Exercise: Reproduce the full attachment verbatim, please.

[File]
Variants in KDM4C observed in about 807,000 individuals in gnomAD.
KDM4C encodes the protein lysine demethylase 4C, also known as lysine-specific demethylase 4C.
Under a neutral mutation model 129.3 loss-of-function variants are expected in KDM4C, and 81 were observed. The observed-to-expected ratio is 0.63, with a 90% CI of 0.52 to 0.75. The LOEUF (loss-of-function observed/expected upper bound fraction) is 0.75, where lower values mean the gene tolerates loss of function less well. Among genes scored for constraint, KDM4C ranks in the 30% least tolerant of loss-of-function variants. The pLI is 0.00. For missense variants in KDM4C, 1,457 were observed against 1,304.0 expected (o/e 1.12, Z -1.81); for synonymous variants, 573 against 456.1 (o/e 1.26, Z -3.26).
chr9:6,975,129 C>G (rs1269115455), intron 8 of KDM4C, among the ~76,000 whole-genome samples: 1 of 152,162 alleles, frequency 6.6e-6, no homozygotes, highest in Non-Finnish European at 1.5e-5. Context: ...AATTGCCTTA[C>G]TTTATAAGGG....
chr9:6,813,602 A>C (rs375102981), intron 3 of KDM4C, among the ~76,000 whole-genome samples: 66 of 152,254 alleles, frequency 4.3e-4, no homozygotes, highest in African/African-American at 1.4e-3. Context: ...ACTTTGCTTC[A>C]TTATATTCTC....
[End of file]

Variants in KDM4C observed in about 807,000 individuals in gnomAD.
KDM4C encodes the protein lysine demethylase 4C, also known as lysine-specific demethylase 4C.
Under a neutral mutation model 129.3 loss-of-function variants are expected in KDM4C, and 81 were observed. The observed-to-expected ratio is 0.63, with a 90% CI of 0.52 to 0.75. The LOEUF (loss-of-function observed/expected upper bound fraction) is 0.75, where lower values mean the gene tolerates loss of function less well. Among genes scored for constraint, KDM4C ranks in the 30% least tolerant of loss-of-function variants. The pLI is 0.00. For missense variants in KDM4C, 1,457 were observed against 1,304.0 expected (o/e 1.12, Z -1.81); for synonymous variants, 573 against 456.1 (o/e 1.26, Z -3.26).
chr9:6,975,129 C>G (rs1269115455), intron 8 of KDM4C, among the ~76,000 whole-genome samples: 1 of 152,162 alleles, frequency 6.6e-6, no homozygotes, highest in Non-Finnish European at 1.5e-5. Context: ...AATTGCCTTA[C>G]TTTATAAGGG....
chr9:6,813,602 A>C (rs375102981), intron 3 of KDM4C, among the ~76,000 whole-genome samples: 66 of 152,254 alleles, frequency 4.3e-4, no homozygotes, highest in African/African-American at 1.4e-3. Context: ...ACTTTGCTTC[A>C]TTATATTCTC....